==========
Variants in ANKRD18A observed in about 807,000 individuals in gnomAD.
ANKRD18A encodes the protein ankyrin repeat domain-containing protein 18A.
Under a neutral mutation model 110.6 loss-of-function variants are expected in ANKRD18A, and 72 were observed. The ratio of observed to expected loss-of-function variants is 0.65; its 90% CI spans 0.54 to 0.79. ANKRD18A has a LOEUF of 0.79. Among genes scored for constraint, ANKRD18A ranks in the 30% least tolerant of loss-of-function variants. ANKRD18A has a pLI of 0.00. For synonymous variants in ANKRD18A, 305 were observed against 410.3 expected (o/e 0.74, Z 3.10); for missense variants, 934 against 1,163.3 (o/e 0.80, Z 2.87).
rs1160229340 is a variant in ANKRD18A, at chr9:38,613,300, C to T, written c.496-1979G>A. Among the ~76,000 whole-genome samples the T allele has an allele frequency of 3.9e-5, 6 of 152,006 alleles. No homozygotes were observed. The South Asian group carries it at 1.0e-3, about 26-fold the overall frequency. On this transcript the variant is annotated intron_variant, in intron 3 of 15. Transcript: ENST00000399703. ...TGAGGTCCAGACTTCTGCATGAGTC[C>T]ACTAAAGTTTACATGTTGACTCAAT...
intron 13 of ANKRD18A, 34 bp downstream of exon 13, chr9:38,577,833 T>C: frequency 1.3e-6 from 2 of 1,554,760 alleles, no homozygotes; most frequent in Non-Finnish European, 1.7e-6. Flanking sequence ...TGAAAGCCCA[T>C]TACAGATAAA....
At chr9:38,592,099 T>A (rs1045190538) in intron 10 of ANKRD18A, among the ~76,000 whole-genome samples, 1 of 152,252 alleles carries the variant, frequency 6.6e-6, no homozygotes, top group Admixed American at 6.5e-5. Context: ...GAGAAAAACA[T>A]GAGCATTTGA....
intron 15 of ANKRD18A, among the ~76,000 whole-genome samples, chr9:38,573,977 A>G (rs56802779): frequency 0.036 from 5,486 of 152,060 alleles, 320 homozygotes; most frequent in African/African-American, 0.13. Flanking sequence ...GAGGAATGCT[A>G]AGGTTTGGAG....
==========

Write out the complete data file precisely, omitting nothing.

Variants in ANKRD18A observed in about 807,000 individuals in gnomAD.
ANKRD18A encodes the protein ankyrin repeat domain-containing protein 18A.
Under a neutral mutation model 110.6 loss-of-function variants are expected in ANKRD18A, and 72 were observed. The ratio of observed to expected loss-of-function variants is 0.65; its 90% CI spans 0.54 to 0.79. ANKRD18A has a LOEUF of 0.79. Among genes scored for constraint, ANKRD18A ranks in the 30% least tolerant of loss-of-function variants. ANKRD18A has a pLI of 0.00. For synonymous variants in ANKRD18A, 305 were observed against 410.3 expected (o/e 0.74, Z 3.10); for missense variants, 934 against 1,163.3 (o/e 0.80, Z 2.87).
rs1160229340 is a variant in ANKRD18A, at chr9:38,613,300, C to T, written c.496-1979G>A. Among the ~76,000 whole-genome samples the T allele has an allele frequency of 3.9e-5, 6 of 152,006 alleles. No homozygotes were observed. The South Asian group carries it at 1.0e-3, about 26-fold the overall frequency. On this transcript the variant is annotated intron_variant, in intron 3 of 15. Transcript: ENST00000399703. ...TGAGGTCCAGACTTCTGCATGAGTC[C>T]ACTAAAGTTTACATGTTGACTCAAT...
intron 13 of ANKRD18A, 34 bp downstream of exon 13, chr9:38,577,833 T>C: frequency 1.3e-6 from 2 of 1,554,760 alleles, no homozygotes; most frequent in Non-Finnish European, 1.7e-6. Flanking sequence ...TGAAAGCCCA[T>C]TACAGATAAA....
At chr9:38,592,099 T>A (rs1045190538) in intron 10 of ANKRD18A, among the ~76,000 whole-genome samples, 1 of 152,252 alleles carries the variant, frequency 6.6e-6, no homozygotes, top group Admixed American at 6.5e-5. Context: ...GAGAAAAACA[T>A]GAGCATTTGA....
intron 15 of ANKRD18A, among the ~76,000 whole-genome samples, chr9:38,573,977 A>G (rs56802779): frequency 0.036 from 5,486 of 152,060 alleles, 320 homozygotes; most frequent in African/African-American, 0.13. Flanking sequence ...GAGGAATGCT[A>G]AGGTTTGGAG....